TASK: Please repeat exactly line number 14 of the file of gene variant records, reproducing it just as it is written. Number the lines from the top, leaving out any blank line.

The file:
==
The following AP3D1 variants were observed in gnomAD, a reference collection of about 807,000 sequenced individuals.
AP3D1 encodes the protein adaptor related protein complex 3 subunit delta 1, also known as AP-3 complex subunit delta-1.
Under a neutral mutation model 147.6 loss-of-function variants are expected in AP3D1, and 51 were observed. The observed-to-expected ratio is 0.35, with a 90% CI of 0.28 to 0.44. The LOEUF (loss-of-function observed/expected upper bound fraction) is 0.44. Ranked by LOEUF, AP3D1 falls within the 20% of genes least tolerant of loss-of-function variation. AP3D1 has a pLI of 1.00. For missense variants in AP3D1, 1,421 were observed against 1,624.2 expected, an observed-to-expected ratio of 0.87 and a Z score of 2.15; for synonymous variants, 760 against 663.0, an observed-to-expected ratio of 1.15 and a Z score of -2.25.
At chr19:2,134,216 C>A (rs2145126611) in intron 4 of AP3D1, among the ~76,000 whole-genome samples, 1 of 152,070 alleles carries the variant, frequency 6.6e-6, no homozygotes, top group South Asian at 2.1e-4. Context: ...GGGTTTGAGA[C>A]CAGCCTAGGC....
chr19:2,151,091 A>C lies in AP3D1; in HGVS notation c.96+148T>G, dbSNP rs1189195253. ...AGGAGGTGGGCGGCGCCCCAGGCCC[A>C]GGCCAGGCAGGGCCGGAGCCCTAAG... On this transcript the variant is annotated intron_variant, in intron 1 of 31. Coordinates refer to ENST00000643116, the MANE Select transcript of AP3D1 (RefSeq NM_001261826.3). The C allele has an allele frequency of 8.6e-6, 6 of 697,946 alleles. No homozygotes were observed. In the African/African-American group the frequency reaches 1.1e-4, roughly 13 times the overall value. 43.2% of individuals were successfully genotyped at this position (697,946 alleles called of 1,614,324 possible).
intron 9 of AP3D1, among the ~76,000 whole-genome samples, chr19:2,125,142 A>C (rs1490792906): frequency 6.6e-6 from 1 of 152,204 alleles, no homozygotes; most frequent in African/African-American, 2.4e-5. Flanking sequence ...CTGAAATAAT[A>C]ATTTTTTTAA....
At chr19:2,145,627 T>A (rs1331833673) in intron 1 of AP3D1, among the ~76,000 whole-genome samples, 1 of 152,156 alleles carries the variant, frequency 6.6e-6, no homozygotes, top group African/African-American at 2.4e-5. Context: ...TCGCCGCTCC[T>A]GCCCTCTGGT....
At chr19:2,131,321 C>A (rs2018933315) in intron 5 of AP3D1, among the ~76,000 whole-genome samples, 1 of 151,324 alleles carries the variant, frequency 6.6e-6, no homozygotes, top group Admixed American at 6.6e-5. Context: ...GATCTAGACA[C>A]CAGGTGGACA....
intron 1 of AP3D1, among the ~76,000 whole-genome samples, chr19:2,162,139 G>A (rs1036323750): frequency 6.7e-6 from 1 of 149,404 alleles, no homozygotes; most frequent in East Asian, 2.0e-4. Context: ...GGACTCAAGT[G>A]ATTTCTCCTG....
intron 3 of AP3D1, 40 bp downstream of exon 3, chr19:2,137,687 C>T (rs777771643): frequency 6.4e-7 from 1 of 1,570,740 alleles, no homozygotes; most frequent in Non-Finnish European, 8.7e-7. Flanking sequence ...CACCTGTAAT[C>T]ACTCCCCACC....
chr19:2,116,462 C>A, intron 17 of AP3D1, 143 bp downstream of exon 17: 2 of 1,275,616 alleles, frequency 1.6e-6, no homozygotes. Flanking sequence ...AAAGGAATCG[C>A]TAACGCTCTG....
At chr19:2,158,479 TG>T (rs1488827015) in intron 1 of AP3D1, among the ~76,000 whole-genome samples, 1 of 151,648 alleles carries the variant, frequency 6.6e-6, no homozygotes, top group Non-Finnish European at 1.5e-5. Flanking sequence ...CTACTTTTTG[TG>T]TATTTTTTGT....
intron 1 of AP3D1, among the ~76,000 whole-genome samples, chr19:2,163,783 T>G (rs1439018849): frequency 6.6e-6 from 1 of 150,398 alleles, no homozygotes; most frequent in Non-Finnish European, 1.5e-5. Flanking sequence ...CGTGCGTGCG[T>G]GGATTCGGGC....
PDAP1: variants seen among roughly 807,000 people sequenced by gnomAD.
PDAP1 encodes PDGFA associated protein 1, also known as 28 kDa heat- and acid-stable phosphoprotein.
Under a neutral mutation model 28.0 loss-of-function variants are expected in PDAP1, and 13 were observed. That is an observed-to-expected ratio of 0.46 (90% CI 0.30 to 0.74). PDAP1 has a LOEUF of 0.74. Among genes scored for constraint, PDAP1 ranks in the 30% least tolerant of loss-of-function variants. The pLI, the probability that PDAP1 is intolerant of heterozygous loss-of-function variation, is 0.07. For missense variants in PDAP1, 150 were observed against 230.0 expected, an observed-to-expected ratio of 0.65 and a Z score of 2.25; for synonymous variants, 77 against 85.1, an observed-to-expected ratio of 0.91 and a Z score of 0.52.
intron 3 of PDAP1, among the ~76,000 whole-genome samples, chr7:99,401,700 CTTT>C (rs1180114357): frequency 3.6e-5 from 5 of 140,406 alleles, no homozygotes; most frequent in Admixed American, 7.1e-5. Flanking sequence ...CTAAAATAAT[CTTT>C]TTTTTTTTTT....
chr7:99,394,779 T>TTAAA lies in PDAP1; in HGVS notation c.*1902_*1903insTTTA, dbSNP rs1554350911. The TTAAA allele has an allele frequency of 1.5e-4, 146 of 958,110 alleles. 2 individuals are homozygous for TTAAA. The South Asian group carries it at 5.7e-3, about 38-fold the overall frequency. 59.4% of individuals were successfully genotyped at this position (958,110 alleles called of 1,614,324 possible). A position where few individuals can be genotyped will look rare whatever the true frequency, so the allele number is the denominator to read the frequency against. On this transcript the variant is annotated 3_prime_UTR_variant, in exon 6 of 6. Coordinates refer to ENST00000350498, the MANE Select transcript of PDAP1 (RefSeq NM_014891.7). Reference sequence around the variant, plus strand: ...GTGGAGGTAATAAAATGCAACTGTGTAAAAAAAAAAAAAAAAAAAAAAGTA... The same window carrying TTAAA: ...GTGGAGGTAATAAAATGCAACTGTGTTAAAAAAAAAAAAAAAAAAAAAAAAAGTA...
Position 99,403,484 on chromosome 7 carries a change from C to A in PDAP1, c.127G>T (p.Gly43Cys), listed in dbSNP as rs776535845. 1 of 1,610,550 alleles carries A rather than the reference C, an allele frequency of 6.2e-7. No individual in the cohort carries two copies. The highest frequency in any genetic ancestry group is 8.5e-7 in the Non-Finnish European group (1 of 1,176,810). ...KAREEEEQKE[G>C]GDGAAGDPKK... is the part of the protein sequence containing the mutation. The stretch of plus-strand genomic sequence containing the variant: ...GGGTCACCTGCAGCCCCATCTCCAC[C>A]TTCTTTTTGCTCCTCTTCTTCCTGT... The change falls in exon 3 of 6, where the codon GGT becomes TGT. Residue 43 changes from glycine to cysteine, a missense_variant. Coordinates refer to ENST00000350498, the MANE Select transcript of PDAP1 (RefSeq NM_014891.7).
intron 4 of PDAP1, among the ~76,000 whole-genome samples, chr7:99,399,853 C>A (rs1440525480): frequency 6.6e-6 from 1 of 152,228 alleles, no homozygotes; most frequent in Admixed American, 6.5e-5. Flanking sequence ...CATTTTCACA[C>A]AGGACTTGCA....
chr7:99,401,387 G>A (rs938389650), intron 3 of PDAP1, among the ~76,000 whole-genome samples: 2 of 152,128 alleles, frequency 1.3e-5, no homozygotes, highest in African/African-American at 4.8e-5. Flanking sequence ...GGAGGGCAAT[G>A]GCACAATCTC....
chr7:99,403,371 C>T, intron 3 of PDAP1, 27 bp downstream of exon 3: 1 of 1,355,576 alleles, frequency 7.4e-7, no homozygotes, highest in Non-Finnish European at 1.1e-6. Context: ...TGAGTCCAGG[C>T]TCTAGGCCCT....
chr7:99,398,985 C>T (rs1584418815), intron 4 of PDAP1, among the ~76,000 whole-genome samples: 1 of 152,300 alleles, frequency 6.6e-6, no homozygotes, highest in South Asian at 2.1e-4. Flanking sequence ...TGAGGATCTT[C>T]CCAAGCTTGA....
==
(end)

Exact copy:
PDAP1: variants seen among roughly 807,000 people sequenced by gnomAD.